Authors: Xu XG, Pan WH, Bi XL, Fang W, Chen M, Zhu Y, Zhou J, Zhou N, Pan B, Li M, Liao WQ, Qi ZT.
BACKGROUND and AIMS: Cryptococcal meningitis (CM) has gradually increased in the recent 20 years in the whole world. Although the mortality decreased significantly in recent years, it was still high, especially in patients with persistent infection. Therefore, we compare differences of clinical features between persistent and nonpersistent CM patients.
METHODS: We conducted a retrospective review of medical records of patients diagnosed with CM from January 2000 to December 2011 in four centers in China, including demographic features, underlying diseases, clinical presentations, laboratory data, and so on.
RESULTS: Of 106 CM patients enrolled, 16 were identified as persistent cases. Among all variables, persistent CM patients were more like to be human immunodeficiency viruses (HIV) infection (P < 0.05), stiff neck (P < 0.01), a serum hemoglobin < 90 g/L (P < 0.01), a serum potassium concentration <2.7 mg/L (P < 0.01), an intracranial pressure (ICP) >400 mmH2 O (P < 0.01), and a latex agglutination cryptococcal antigen titer of cerebrospinal fluid (CSF LACT) >1:1024 (P < 0.01) than nonpersistent ones. A multivariate analysis showed that HIV infection (OR 7.49), stiff neck (OR 11.7), a serum potassium <2.7 mmol/L (OR 9.45), and an ICP >400 mmH2 O (OR 6.83) were closely correlated with persistent CM.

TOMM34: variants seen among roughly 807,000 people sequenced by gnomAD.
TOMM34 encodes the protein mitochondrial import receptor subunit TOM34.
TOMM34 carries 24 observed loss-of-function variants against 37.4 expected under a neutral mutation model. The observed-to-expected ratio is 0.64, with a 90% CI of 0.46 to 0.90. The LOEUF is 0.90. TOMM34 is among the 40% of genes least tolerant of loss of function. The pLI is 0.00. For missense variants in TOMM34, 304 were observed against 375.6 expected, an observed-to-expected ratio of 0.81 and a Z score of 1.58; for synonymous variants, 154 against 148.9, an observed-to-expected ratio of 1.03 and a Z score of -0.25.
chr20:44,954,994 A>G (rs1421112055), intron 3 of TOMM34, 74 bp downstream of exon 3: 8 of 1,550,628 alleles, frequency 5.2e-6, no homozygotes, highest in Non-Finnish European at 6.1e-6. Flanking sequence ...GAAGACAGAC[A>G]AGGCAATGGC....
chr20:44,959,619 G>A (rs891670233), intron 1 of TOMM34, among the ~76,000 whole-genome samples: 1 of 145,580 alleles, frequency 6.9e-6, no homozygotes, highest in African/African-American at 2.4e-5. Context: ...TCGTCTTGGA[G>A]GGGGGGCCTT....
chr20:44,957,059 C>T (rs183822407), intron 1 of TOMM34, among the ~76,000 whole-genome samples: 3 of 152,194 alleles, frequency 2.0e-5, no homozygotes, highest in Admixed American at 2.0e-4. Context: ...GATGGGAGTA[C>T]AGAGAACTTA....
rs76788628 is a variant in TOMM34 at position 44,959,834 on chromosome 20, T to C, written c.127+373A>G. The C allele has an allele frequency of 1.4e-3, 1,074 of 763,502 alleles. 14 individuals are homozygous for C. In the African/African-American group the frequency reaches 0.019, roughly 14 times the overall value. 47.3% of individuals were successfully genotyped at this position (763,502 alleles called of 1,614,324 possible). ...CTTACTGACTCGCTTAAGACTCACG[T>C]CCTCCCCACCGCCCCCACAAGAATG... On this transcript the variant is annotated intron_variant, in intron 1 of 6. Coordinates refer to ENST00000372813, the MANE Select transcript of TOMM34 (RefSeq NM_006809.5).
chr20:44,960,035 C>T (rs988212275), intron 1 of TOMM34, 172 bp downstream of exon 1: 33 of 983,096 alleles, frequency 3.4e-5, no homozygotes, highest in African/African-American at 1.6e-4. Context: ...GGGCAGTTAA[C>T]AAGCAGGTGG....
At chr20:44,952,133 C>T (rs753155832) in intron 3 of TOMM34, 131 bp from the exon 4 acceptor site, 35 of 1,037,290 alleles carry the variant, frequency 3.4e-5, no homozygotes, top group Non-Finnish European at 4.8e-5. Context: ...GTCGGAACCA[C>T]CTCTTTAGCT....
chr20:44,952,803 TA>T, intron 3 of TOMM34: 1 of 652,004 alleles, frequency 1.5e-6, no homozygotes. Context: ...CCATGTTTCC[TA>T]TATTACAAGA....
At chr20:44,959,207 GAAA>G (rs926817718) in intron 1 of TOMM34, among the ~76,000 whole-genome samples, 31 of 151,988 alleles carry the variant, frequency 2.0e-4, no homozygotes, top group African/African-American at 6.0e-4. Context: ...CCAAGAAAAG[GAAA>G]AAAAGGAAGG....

CONCLUSIONS: Although it is difficult to deal with persistent CM nowadays, some cases could be predicted early enough in the future, so as to be treated appropriately and have relatively good outcomes.